A fall in the number of rough sleepers and new legislation has led many organisations in the sector to rethink their focus, says Patrick McCurry.
A wave of change is rippling through the work of homelessness charities in the wake of developments such as the Homelessness Act and the reduction in numbers of rough sleepers.
Charities are having to rethink their role, with some shifting focus to a more preventive agenda or increased activity at local level.
One of the challenges facing organisations is that, while the number of street homeless has been cut, this has in part led to a rise in the number living in temporary accommodation, such as hostels and bed and breakfasts.
According to charity Crisis, there are 400,000 "hidden homeless" in accommodation like hostels, squats or staying with friends.
Crisis announced in August that it was broadening its agenda from a focus on rough sleepers to a wider remit looking at the causes of homelessness and the plight of the "hidden homeless".
"The challenge is not simply putting a roof over someone's head but helping people gain the skills they need to overcome isolation and engage with society," says a spokeswoman.
She points to new Crisis initiatives such as Changing Lives, a project to give homeless people financial help in accessing training or starting their own business.
Similarly, at St Mungo's there has been a rethink. Head of services David Devoy says: "We still have a focus on rough sleepers but we're now moving more into prevention." He cites new projects such as one that provides tenancy support to newly rehoused people in order to prevent them from returning to the streets.
In August, Shelter launched its Things Have Changed campaign to inform homeless people about their rights following the introduction of the Act in July. Ben Jackson, head of external affairs at Shelter, says: "It's important for us to acknowledge the changing landscape of homelessness."
He points to the success of the government's rough sleepers unit in cutting the numbers of people sleeping in the streets. By the end of last year, the unit, in partnership with voluntary organisations, had cut the number of rough sleepers by two-thirds.
Meanwhile, the Homelessness Act presages a shake-up in the way the issue is dealt with by the statutory sector and puts greater requirements on local authorities to tackle homelessness.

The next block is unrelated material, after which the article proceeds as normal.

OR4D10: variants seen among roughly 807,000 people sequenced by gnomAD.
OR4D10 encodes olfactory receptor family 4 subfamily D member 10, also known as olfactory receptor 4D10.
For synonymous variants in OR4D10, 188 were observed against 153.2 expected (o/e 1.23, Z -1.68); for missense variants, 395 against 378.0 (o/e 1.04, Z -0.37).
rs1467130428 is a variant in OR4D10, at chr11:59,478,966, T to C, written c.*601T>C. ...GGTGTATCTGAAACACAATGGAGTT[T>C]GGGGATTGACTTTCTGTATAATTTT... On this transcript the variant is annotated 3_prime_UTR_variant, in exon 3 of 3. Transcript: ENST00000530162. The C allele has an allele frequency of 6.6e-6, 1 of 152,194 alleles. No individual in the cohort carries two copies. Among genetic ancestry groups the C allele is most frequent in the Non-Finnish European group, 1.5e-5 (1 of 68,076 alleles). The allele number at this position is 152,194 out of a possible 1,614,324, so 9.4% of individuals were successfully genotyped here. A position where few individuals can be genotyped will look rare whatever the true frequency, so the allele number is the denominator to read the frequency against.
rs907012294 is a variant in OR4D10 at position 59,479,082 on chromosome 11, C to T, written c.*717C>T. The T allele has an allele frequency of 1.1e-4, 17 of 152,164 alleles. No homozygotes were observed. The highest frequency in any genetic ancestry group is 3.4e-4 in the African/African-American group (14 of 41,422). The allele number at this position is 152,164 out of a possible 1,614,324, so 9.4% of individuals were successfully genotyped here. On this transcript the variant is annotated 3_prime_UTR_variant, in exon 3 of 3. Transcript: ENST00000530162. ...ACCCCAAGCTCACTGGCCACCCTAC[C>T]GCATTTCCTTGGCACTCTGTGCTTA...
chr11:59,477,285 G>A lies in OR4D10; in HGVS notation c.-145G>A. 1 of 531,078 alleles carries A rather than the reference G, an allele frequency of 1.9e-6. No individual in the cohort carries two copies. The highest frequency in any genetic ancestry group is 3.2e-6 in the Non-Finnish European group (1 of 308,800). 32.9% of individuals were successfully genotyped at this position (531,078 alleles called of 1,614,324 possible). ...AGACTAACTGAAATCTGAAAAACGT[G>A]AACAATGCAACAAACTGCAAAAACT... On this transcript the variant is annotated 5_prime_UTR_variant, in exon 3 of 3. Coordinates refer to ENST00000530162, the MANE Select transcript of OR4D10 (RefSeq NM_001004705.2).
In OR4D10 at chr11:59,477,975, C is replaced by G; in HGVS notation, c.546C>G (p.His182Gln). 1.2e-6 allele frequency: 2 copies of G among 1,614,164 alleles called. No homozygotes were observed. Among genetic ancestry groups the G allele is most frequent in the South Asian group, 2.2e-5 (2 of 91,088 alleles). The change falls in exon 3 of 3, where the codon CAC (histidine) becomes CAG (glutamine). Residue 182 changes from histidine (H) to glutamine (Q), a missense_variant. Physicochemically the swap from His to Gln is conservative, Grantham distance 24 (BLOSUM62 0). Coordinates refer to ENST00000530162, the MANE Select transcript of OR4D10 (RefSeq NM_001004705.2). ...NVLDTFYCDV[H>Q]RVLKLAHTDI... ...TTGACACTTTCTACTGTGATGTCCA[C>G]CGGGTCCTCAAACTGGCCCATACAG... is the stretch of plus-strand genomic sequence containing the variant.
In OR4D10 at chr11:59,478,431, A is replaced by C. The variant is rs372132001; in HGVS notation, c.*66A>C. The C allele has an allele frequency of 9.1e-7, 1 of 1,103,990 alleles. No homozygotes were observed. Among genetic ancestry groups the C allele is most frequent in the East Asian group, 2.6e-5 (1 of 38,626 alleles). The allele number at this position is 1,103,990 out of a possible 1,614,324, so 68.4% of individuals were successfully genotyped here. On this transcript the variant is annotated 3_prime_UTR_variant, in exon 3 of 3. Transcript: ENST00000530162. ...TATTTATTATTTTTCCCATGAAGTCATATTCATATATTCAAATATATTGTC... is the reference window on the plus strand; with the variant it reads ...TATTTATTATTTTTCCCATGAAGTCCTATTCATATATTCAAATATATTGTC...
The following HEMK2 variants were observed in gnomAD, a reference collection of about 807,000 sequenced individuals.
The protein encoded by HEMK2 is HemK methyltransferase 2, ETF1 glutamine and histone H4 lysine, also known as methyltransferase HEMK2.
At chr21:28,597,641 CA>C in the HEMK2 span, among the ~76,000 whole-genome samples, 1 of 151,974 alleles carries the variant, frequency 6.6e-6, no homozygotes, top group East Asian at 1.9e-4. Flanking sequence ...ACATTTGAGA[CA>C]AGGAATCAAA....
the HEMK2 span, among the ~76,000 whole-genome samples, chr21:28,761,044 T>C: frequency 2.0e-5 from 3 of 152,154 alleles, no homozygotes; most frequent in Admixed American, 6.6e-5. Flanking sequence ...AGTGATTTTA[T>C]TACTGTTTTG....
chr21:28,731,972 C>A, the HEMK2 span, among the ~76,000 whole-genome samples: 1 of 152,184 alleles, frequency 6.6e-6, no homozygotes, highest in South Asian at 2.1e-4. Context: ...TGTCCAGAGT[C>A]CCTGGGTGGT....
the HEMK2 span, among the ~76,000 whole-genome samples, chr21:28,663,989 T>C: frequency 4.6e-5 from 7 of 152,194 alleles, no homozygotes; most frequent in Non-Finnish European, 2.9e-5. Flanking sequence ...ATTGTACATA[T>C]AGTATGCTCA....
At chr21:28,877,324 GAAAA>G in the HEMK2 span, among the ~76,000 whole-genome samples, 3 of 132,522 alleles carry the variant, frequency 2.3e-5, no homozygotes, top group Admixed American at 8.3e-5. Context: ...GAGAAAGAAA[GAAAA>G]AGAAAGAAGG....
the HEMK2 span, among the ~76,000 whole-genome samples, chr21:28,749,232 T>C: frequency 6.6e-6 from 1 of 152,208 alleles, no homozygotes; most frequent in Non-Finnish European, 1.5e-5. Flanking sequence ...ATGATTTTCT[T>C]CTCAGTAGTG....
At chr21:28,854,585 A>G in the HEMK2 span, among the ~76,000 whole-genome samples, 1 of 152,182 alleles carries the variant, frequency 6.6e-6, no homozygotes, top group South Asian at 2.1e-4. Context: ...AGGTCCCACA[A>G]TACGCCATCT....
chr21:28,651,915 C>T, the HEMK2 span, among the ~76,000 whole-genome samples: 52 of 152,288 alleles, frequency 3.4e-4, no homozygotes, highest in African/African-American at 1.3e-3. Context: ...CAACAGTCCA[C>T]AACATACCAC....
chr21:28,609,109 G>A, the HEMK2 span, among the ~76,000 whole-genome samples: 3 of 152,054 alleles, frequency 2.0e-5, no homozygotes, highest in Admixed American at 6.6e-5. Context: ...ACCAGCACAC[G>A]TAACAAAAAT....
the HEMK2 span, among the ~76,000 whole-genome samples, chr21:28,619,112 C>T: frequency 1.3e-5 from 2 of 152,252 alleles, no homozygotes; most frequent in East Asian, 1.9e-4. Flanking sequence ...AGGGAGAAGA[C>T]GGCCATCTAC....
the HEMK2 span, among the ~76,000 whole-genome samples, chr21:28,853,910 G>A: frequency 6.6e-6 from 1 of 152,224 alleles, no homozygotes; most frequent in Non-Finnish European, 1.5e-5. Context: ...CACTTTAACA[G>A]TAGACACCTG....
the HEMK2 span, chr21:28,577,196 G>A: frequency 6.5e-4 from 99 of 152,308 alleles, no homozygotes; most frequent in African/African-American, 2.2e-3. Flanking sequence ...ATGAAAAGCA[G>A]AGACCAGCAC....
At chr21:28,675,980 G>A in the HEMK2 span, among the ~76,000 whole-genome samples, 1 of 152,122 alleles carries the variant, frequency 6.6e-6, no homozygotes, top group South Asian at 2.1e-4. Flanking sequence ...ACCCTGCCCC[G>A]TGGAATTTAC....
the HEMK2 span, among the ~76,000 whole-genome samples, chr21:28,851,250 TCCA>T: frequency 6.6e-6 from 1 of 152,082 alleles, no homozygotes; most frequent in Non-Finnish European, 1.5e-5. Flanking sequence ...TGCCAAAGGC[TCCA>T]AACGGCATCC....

"We campaigned for this legislation and it's a real step forward," says Jackson, adding that Shelter is investing heavily in recruiting staff to assist local councils.
He says that local government will become increasingly important to organisations such as Shelter because new legislation will result in more decisions being made at local level.
So does this growing trend of working with the statutory sector mean charities such as Shelter are losing their campaigning edge?
Jackson dismisses recent claims by Shelter founder Des Wilson that the charity's campaigning role has been weakened. "Our core mission of helping the homeless and badly housed has not changed," he says.
Lis Pritchard, chief executive of Homeless Link, says that charities are repositioning in the light of the changing profile of homeless people and the growing focus on prevention. "Many charities started with a focus on single homeless people because that group had no statutory right to housing but now single people have more rights and so some charities are shifting their work to look more at families and single parents as well," she says.
Although there is a growing emphasis on prevention, she adds that many agencies have always been involved in this or in supporting people once they are rehoused but this was often low profile. Her concern, however, is the motives for such repositioning. "If agencies are changing their role in response to new service needs that they have identified that's fine but if they are repositioning simply to maintain their position in the market I'd be worried," she says.
There is also the danger that by changing its work too dramatically a charity can end up blurring its focus. "If an organisation has been built on its expertise with a particular group there's a risk that they will lose what made them successful if they try and change their focus too much," says Pritchard.
Another development in the sector is the growing emphasis on partnership or multi-agency working, illustrated by Shelter's work with local councils on the Homelessness Act or its Millennium Plus joint project with Crisis.
Jackson says: "We've been involved in successful pilot projects in which a single key worker liaises with rehoused homeless people, rather than them having to deal with lot of different statutory and voluntary agencies."
While Pritchard welcomes a partnership approach with the statutory sector, she is concerned that some in central government could regard charities as simply sub-contractors that can deliver ministers' agenda.
Despite the repositioning of many homelessness charities, the issue of mergers appears to be still on the backburner and could even have been set back by the failed talks between Shelter and Crisis.
Pritchard argues that despite the large number of homelessness charities, both national and local, duplication of services is not the main issue.
"Most agencies are responding to need. After all, how many empty day centres for homeless people do you see?"
For her, one of the main challenges is capacity building at local level.
She says: "It's essential the locally based agencies improve their capacity, given that much more will be done locally under the Homelessness Act."